There are many activities that fall outside the HSE’s areas of responsibility. HSE’s primary role is to protect those at work in waste and recycling activities and anyone who might be affected by that work e.g. members of the public. Instead, they may be covered by powers held by other national or local government bodies.
Specifically for waste management and recycling examples would include:
It is the Local Authority who has responsibility for waste and recycling collections in a particular area. That service may be provided directly by the local authority itself or it may have contracted out the service to a specialist contractor. In either case the first point of contact for issues relating to the collection of your waste or recyclables should be the Local Authority.
Another useful source of information on waste and recycling services can be found at the Waste Resource Action Programme (WRAP) site.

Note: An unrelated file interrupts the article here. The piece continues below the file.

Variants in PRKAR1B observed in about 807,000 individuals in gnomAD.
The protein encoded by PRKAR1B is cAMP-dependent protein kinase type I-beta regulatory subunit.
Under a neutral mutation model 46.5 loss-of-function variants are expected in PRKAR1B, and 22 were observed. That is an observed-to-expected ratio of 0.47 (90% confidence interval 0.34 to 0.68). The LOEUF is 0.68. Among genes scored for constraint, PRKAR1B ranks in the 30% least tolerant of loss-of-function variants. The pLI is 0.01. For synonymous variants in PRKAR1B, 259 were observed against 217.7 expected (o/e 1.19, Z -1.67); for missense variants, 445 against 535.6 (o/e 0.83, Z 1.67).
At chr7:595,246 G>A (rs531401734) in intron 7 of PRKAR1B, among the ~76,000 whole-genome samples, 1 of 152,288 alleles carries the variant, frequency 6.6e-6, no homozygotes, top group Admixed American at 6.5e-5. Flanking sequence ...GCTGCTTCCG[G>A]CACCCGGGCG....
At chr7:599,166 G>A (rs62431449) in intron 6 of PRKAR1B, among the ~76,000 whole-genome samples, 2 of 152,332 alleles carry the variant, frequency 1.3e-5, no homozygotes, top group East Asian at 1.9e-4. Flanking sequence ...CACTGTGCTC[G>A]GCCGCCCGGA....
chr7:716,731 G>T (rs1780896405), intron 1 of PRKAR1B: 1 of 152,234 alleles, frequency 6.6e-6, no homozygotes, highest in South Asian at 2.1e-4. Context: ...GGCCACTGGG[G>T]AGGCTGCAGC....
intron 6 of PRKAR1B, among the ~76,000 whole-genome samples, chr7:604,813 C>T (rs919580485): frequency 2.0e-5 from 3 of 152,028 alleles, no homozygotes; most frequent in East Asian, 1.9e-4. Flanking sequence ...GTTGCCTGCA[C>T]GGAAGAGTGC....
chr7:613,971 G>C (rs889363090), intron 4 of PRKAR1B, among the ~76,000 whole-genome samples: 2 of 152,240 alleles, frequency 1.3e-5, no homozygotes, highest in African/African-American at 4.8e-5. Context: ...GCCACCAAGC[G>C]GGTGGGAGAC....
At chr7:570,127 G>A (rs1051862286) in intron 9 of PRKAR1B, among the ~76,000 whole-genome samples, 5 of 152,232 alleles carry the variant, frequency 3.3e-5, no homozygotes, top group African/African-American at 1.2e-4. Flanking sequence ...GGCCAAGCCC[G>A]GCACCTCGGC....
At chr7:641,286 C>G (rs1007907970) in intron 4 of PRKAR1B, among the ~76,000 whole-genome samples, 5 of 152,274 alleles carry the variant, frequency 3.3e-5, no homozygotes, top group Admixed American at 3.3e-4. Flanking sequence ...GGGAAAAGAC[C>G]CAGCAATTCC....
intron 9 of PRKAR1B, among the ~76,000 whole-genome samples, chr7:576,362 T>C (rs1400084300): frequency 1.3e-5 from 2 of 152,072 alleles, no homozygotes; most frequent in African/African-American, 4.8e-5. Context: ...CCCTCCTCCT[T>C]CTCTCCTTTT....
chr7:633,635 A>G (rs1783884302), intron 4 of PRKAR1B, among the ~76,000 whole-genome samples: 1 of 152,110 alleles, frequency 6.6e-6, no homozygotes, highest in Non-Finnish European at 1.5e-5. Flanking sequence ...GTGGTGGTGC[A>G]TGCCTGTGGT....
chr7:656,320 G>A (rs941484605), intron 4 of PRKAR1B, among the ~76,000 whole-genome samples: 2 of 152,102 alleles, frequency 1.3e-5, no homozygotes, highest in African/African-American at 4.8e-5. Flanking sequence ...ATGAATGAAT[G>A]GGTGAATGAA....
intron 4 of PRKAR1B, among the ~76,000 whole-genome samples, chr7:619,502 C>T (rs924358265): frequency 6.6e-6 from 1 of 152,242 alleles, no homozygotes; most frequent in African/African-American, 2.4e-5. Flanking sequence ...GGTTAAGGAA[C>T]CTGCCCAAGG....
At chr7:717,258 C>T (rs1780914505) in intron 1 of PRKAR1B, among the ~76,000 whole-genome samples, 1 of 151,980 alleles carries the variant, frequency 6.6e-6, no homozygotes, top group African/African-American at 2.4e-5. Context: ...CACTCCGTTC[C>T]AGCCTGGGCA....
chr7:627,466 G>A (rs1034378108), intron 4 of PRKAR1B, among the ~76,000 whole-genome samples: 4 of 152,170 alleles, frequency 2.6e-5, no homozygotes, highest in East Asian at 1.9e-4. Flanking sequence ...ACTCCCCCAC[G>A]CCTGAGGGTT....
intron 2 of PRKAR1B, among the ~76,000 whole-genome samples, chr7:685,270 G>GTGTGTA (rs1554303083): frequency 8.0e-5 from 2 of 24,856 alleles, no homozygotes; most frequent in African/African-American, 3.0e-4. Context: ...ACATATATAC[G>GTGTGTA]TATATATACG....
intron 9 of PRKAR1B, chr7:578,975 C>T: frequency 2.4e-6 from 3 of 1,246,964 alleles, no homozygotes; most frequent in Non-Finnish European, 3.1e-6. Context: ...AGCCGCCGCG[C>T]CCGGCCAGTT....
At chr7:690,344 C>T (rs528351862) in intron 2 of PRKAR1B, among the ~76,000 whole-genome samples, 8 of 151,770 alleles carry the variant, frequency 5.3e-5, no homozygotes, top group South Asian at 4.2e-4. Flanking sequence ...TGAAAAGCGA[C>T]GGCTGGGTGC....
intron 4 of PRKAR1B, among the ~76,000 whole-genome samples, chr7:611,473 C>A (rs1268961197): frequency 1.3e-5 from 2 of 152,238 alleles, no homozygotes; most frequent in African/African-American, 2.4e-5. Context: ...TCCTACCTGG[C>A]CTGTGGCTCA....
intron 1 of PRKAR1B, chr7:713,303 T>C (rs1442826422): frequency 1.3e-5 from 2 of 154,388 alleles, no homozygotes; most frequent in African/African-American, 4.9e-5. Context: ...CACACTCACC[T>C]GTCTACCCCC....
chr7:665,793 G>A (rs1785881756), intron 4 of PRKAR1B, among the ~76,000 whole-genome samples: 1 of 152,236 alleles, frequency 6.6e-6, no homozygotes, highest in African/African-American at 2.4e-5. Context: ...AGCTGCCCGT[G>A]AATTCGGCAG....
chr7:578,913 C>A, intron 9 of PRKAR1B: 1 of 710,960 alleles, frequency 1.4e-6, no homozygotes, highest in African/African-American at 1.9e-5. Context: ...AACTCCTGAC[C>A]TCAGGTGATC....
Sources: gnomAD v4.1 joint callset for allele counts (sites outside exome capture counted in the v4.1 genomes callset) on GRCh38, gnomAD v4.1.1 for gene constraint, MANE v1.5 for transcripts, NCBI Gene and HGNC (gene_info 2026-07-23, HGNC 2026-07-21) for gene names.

Local Authorities are empowered to deal with a wide range of issues that are not the responsibility of the HSE. Usually these matters (e.g. odour, noise, vermin infestation) are dealt with by the Local Authority's Environmental Health or Services Dept or on some cases the Environment Agency (or Scottish Environmental Protection Agency in Scotland).
HSE is not responsible for planning permissions for the siting of or permitting of waste and recycling facilities. Those aspects are dealt with by Environment Agency (or Scottish Environmental Protection Agency in Scotland) and the local authority in which the activity takes place.
HSE is not responsible for determining the suitability of applicants and issuing of scrap metal dealer licences. Local authorities have sole responsibility.